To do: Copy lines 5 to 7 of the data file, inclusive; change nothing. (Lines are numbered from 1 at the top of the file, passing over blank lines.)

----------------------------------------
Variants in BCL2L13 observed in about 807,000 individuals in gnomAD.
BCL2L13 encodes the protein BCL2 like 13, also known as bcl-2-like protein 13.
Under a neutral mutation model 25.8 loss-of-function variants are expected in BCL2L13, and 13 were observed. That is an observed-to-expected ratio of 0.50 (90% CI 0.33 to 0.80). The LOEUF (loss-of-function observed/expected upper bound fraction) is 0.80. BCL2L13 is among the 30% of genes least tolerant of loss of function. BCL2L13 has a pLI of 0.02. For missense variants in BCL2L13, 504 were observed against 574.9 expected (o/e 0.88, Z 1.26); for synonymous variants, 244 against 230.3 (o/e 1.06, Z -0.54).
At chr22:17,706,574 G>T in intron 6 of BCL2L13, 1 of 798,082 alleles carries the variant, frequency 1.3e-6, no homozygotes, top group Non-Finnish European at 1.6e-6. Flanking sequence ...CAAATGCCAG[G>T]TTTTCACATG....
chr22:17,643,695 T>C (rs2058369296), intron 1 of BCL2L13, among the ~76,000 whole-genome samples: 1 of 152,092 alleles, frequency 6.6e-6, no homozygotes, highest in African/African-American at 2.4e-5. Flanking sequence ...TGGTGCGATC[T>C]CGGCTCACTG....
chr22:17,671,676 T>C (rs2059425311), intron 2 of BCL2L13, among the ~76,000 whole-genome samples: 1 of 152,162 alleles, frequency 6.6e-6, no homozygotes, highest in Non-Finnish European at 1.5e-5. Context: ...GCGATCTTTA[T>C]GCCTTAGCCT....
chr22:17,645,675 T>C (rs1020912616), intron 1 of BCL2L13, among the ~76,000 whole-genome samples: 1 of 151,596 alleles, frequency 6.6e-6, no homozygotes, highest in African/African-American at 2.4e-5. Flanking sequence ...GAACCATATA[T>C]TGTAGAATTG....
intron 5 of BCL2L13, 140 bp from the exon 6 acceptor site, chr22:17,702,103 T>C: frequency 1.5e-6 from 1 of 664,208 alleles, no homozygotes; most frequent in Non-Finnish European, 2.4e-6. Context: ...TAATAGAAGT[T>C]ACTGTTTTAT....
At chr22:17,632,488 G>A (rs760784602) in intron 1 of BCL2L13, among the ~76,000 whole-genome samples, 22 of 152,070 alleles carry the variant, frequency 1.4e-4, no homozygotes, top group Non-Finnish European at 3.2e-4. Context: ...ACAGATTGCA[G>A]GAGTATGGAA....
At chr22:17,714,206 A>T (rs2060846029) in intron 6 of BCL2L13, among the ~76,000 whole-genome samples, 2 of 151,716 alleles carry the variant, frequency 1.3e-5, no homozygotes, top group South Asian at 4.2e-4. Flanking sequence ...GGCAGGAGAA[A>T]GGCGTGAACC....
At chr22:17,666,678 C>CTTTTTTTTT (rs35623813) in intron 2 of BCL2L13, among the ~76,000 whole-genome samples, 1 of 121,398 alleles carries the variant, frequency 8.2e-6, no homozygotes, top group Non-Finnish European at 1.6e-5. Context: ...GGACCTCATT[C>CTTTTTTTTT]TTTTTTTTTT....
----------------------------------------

chr22:17,643,695 T>C (rs2058369296), intron 1 of BCL2L13, among the ~76,000 whole-genome samples: 1 of 152,092 alleles, frequency 6.6e-6, no homozygotes, highest in African/African-American at 2.4e-5. Flanking sequence ...TGGTGCGATC[T>C]CGGCTCACTG....
chr22:17,671,676 T>C (rs2059425311), intron 2 of BCL2L13, among the ~76,000 whole-genome samples: 1 of 152,162 alleles, frequency 6.6e-6, no homozygotes, highest in Non-Finnish European at 1.5e-5. Context: ...GCGATCTTTA[T>C]GCCTTAGCCT....
chr22:17,645,675 T>C (rs1020912616), intron 1 of BCL2L13, among the ~76,000 whole-genome samples: 1 of 151,596 alleles, frequency 6.6e-6, no homozygotes, highest in African/African-American at 2.4e-5. Flanking sequence ...GAACCATATA[T>C]TGTAGAATTG....